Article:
ServiceNow is seeing strong demand for a lineup of free apps the company began offering last week that can help its customers – and any other government agency or company – manage emergency response workflows in the midst of the COVID-19 coronavirus pandemic, a senior ServiceNow official said this week.

The four apps – available here for free through Sept. 30 – include: an emergency response operations app created by the State of Washington; an emergency outreach app to help companies connect with employees; an emergency self-report app through which employees can notify their companies if they are self-quarantined; and an emergency exposure app that helps employers identify other people who may have been exposed to an infected colleague.

“In this battle to flatten the COVID?19 curve, none of us is as smart as all of us,” said Bill McDermott, CEO of ServiceNow, when the free apps were announced last week. “These ServiceNow applications will enable emergency outreach, self?reporting and exposure management, which are precisely what organizations need to do right now to help people get through this crisis,” he said.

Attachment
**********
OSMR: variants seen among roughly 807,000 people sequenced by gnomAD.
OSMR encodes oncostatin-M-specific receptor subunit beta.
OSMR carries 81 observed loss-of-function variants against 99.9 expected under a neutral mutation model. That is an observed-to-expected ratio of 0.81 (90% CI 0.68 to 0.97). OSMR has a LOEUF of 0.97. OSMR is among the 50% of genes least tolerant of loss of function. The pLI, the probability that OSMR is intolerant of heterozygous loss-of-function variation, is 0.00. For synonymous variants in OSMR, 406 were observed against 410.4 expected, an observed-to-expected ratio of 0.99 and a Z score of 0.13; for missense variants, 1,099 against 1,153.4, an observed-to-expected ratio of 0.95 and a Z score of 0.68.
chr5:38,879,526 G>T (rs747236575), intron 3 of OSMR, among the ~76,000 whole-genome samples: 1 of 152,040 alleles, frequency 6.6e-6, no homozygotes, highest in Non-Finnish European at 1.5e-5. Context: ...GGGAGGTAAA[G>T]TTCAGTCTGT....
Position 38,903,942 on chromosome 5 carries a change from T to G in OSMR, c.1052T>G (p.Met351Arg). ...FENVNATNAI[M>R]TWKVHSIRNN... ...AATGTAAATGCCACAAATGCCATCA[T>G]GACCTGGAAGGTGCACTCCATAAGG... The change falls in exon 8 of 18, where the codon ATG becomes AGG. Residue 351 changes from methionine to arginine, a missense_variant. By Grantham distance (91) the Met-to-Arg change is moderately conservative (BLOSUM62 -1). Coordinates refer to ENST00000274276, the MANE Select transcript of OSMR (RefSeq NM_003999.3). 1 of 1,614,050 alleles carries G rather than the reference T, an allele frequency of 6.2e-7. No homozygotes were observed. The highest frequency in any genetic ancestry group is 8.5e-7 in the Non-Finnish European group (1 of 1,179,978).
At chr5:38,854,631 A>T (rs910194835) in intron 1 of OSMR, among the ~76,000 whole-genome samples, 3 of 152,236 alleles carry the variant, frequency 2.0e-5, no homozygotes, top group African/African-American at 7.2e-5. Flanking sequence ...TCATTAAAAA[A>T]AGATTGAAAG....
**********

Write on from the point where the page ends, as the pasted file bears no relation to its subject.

“ServiceNow is here to help customers whether on good days or bad days, whether it is a natural disaster or public health outbreak,” Jonathan Alboum, ServiceNow’s Principal Digital Strategist for the Federal Government, told MeriTalk this week.

Here’s an edited version of our conversation with Alboum, who served as CIO at the Agriculture Department and Associate CIO at the General Services Administration before landing his current gig.

MeriTalk: What’s driving ServiceNow’s decision to make the emergency response apps available to whoever can use them?